3D Basics

Computer graphics creates images via rendering. The inputs to computer graphics are lights, objects (3D shapes), the materials those objects are made of, and a camera (which defines our view of the scene.)

What we see is determined by the light that enters into our eyes. That light is emitted from various sources like the sun or light bulbs. The light then interacts (bounces around) in our environment whose arrangement is defined by the shape of the objects in it. The way that light interacts with each object is defined by its materials. Rubber, wood, glass, etc. appear differently as a result of how light interacts with each of those materials.

We define all of these things, lights, objects, materials and cameras, in the computer and then we simulate the light bouncing around and collecting in the camera (the simulation of light is called “rendering"). This is 3D computer graphics.


Rendering is the act of using computer graphics technologies to create an image. It can either be a single image, such as a virtual photograph, it can be a sequence of images, such as an animation video, or it can be done in an interactive live fashion, such as interactive 3D.

Rendered Image

A single image created via rendering.

Rendered Video

A rendered video is a collection of pre-rendered images. Our software can create rendered videos.

Interactive 3D

Interactive 3D occurs when software renders a new image 30 times or more per second in response to user feedback. This occurs when we create an interactive 3D product display in a web page, or when using an AR or VR experience. These types of displays are responsive and interactive.


An animation is a sequence of movements of either models, lights, or cameras over time. Animations can be used in real-time in response to user triggers, can be preset, or can be rendered as a series of images and then turned into a video clip. Our software supports the creation of animations. Examples of animations could be a product explode, a car door opening, a camera movement.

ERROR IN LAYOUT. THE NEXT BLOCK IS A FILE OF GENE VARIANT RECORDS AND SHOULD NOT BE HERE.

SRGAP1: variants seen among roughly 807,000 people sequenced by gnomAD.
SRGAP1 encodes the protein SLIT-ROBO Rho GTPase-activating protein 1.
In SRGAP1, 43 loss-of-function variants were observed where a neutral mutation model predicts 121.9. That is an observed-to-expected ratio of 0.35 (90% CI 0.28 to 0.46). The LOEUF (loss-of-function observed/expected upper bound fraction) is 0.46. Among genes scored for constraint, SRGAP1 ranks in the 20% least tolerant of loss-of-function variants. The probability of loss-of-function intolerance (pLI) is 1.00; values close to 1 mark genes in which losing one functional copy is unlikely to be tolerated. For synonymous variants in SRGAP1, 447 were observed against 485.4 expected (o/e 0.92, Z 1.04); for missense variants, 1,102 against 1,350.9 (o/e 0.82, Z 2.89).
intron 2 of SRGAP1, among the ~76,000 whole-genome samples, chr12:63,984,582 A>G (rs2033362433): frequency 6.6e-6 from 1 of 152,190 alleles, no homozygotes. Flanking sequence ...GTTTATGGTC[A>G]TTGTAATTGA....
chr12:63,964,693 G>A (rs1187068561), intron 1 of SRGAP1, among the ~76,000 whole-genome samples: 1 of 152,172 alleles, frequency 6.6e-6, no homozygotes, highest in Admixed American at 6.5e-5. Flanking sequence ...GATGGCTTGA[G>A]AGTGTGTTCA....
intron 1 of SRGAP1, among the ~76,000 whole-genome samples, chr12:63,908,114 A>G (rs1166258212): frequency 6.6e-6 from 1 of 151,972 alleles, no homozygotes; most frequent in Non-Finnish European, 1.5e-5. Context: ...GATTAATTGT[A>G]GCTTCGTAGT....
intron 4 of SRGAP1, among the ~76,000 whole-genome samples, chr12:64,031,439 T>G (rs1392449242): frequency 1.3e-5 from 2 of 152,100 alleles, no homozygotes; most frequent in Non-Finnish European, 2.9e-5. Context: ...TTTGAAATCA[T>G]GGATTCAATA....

A light in computer graphics is an entity that has a location and emits light energy into the virtual world. This light energy then interacts with the materials on models in the scene and eventually makes its way to the camera where it is captured.


A light measuring device modeled on physical real-world cameras. Our virtual cameras have position, orientation as well as other properties like film size, aperture, and focal length. We can simulate any real world camera effect accurately.


This term is tricky. A material in computer graphics refers to the properties on the surface of a model that determine how it interacts with light. It does not refer to the shape of the model. Birch wood, or brushed aluminum, or red glazed ceramic are examples of materials in computer graphics.

Material Parameters

In order to define how light interacts with materials, there are a series of material parameters that need to be specified. These are often specified by 3D artists that understand how to quantify physical materials into these parameters. It is relatively technical. Example parameters are roughness, metalness, albedo, clear coat, transparency, sheen, normal map.


A digital representation of a shape. Models consist of faces, vertices and edges. Often these are realized as polygon meshes.


In the context of computer graphics, a face is often realized as a single polygon. A polygon mesh is composed of a series of faces. For example, cube is composed of 6 faces, one for each side. A face is usually flat, but not always.


The corner of a polygon. In order to mathematically define a polygon, you first have to define the positions of its corners, its vertices. Thus a polygon mesh has a list of vertices that are the corners of all of its constituent polygons.


The side of a polygon. An edge connects two vertices. An edge is also the border between two adjacent polygons.

Polygon Mesh

Often abbreviated to just polymesh or mesh. A polymesh is a surface created by a series of connected polygons. These shapes are hollow on the inside like a balloon. Poly meshes are a form of model.


A polygon is a realization of a face. A polygon is a closed flat plane with 3 or more sides. A single polygon is referred to as a face. A polygon is always flat and never curved.


A stage is the background, lighting, and camera placement of a scene behind the product or focus of the scene. The creation of a professional looking stage is key to creating great results. It takes a photographer’s eye to create the best stages that make a product look amazing.

Scene Graph

The scene graph refers to the arrangement of the models, lights, and camera in the scene. These components are conceptually organized into a hierarchy that sort of mimics how things are arranged in reality. For example a desk model is placed on the floor. And then a vase model is placed on the desk. This arrangement of placement is the scene graph.

Share this